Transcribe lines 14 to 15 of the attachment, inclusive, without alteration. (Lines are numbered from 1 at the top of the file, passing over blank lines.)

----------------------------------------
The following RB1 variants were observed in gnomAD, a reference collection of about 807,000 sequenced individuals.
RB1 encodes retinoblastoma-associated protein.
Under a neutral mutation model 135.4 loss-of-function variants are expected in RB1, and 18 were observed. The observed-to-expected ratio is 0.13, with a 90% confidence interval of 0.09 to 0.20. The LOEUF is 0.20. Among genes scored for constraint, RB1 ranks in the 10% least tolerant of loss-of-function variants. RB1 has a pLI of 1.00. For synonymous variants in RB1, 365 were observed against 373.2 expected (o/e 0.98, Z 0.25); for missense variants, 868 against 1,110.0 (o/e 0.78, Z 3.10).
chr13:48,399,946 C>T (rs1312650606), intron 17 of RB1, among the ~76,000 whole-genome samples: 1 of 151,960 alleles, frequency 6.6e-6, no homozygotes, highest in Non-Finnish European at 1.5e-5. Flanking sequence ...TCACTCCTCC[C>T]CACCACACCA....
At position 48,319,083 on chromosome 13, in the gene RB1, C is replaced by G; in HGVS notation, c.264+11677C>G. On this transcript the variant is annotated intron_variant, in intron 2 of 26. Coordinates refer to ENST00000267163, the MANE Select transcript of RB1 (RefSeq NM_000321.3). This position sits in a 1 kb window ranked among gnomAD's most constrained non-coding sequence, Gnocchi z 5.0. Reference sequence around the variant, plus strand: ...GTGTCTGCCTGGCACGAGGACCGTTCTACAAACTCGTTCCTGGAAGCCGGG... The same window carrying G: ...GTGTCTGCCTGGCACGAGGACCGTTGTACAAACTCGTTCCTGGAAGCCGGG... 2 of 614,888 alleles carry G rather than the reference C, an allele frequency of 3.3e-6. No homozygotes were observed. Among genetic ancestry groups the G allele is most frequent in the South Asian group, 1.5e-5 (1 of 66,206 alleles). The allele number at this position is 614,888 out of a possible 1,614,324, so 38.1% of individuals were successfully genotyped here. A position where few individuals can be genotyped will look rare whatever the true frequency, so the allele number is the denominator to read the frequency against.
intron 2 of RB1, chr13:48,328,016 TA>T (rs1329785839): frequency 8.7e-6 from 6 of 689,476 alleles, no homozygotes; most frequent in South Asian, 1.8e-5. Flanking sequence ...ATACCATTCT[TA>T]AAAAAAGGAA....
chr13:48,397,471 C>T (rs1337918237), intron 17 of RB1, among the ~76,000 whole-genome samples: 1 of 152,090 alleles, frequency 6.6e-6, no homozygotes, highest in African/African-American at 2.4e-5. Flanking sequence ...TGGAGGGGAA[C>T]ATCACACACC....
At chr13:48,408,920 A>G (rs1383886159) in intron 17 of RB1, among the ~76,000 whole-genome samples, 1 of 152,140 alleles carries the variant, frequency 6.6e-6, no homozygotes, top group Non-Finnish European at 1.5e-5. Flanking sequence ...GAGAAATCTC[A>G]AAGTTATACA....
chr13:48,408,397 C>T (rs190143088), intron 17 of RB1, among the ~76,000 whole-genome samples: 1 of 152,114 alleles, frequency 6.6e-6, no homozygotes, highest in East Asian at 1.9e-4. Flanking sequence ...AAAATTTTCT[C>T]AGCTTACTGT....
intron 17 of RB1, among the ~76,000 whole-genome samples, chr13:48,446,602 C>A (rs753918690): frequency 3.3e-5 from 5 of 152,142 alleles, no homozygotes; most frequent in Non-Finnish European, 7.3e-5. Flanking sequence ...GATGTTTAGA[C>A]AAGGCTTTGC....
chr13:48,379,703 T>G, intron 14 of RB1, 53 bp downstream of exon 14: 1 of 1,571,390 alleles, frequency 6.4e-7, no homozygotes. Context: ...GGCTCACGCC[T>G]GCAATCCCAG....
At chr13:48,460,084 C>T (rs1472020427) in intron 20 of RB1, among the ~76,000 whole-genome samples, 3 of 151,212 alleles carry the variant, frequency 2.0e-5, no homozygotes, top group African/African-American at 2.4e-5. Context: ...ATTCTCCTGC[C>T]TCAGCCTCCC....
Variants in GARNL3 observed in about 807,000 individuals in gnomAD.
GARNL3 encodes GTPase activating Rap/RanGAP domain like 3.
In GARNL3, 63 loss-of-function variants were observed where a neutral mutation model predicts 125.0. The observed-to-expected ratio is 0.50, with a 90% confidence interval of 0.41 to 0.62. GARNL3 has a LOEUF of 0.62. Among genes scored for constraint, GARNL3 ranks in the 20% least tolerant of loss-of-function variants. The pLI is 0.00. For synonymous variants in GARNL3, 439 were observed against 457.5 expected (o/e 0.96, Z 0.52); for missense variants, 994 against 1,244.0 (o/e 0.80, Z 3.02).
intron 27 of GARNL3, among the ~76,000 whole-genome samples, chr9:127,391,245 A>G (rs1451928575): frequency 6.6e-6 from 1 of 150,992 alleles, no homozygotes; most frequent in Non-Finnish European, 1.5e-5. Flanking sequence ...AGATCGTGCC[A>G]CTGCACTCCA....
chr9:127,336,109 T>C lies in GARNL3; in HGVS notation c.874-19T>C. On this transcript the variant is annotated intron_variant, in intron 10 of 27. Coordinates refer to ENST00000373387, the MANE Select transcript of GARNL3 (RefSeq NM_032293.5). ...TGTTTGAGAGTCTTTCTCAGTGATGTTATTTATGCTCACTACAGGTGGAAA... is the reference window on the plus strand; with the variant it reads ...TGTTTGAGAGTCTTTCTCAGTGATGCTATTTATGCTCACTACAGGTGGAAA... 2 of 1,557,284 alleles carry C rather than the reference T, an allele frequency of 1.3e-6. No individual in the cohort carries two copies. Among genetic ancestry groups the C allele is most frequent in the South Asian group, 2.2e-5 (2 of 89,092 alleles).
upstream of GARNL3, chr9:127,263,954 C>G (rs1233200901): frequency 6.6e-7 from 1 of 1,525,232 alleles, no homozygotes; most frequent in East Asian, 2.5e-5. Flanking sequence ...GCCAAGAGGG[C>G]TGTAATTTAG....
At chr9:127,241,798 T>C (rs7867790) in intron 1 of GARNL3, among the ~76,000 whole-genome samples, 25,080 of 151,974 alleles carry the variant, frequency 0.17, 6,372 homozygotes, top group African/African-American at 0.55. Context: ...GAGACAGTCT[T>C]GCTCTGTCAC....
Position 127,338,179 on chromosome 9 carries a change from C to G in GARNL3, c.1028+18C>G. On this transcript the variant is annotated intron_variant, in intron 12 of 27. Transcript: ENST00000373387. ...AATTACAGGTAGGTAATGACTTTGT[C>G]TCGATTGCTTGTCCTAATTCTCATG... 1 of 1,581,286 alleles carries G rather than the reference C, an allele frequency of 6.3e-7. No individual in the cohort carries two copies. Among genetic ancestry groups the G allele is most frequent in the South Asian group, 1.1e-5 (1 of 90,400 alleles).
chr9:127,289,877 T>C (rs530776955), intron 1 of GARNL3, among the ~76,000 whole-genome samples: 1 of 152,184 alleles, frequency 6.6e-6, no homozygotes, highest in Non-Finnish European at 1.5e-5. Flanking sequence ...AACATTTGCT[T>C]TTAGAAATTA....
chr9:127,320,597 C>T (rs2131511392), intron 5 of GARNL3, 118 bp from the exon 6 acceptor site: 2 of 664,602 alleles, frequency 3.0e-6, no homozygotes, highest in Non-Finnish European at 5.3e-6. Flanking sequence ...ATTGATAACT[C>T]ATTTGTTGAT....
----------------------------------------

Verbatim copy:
GARNL3 encodes GTPase activating Rap/RanGAP domain like 3.
In GARNL3, 63 loss-of-function variants were observed where a neutral mutation model predicts 125.0. The observed-to-expected ratio is 0.50, with a 90% confidence interval of 0.41 to 0.62. GARNL3 has a LOEUF of 0.62. Among genes scored for constraint, GARNL3 ranks in the 20% least tolerant of loss-of-function variants. The pLI is 0.00. For synonymous variants in GARNL3, 439 were observed against 457.5 expected (o/e 0.96, Z 0.52); for missense variants, 994 against 1,244.0 (o/e 0.80, Z 3.02).